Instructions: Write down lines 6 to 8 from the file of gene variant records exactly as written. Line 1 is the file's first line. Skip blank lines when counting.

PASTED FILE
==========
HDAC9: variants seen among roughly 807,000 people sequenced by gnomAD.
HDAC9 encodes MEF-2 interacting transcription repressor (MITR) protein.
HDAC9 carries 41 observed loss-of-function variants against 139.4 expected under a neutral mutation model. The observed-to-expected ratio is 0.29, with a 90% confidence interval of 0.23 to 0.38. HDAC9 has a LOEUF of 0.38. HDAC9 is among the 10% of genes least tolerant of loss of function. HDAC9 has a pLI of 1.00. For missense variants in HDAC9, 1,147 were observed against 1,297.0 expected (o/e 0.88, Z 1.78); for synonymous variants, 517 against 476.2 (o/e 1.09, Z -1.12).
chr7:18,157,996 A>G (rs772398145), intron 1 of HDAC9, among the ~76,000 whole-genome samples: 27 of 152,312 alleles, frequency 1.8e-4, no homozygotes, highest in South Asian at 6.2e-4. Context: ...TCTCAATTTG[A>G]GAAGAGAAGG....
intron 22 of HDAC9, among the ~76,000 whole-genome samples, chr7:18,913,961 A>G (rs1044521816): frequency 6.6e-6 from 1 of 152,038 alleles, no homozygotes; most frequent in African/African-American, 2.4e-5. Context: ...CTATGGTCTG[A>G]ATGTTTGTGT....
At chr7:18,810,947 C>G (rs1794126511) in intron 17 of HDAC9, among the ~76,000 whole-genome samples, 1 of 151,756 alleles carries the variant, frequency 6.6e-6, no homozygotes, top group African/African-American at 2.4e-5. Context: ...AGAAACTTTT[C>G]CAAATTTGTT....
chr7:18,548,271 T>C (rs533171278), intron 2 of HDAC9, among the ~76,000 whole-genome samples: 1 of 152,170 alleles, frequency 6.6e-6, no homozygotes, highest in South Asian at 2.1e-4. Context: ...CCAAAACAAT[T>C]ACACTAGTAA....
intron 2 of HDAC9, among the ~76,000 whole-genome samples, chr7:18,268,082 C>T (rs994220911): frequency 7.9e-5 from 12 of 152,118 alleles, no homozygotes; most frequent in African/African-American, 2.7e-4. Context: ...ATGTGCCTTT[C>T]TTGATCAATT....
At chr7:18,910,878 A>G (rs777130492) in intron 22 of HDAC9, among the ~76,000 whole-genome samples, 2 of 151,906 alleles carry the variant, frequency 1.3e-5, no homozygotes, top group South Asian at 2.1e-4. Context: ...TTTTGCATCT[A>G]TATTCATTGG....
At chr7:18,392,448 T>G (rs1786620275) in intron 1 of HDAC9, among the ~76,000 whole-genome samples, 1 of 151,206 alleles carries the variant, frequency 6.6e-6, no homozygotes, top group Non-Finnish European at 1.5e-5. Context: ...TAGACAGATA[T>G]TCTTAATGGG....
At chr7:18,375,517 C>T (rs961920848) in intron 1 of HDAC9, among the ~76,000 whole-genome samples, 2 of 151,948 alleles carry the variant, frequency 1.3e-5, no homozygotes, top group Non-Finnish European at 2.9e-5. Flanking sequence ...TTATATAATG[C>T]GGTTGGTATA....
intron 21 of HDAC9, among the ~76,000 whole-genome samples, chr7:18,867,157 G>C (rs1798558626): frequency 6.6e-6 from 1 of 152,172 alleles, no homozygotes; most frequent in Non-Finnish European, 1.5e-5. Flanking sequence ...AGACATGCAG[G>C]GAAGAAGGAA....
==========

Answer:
At chr7:18,810,947 C>G (rs1794126511) in intron 17 of HDAC9, among the ~76,000 whole-genome samples, 1 of 151,756 alleles carries the variant, frequency 6.6e-6, no homozygotes, top group African/African-American at 2.4e-5. Context: ...AGAAACTTTT[C>G]CAAATTTGTT....
chr7:18,548,271 T>C (rs533171278), intron 2 of HDAC9, among the ~76,000 whole-genome samples: 1 of 152,170 alleles, frequency 6.6e-6, no homozygotes, highest in South Asian at 2.1e-4. Context: ...CCAAAACAAT[T>C]ACACTAGTAA....
intron 2 of HDAC9, among the ~76,000 whole-genome samples, chr7:18,268,082 C>T (rs994220911): frequency 7.9e-5 from 12 of 152,118 alleles, no homozygotes; most frequent in African/African-American, 2.7e-4. Context: ...ATGTGCCTTT[C>T]TTGATCAATT....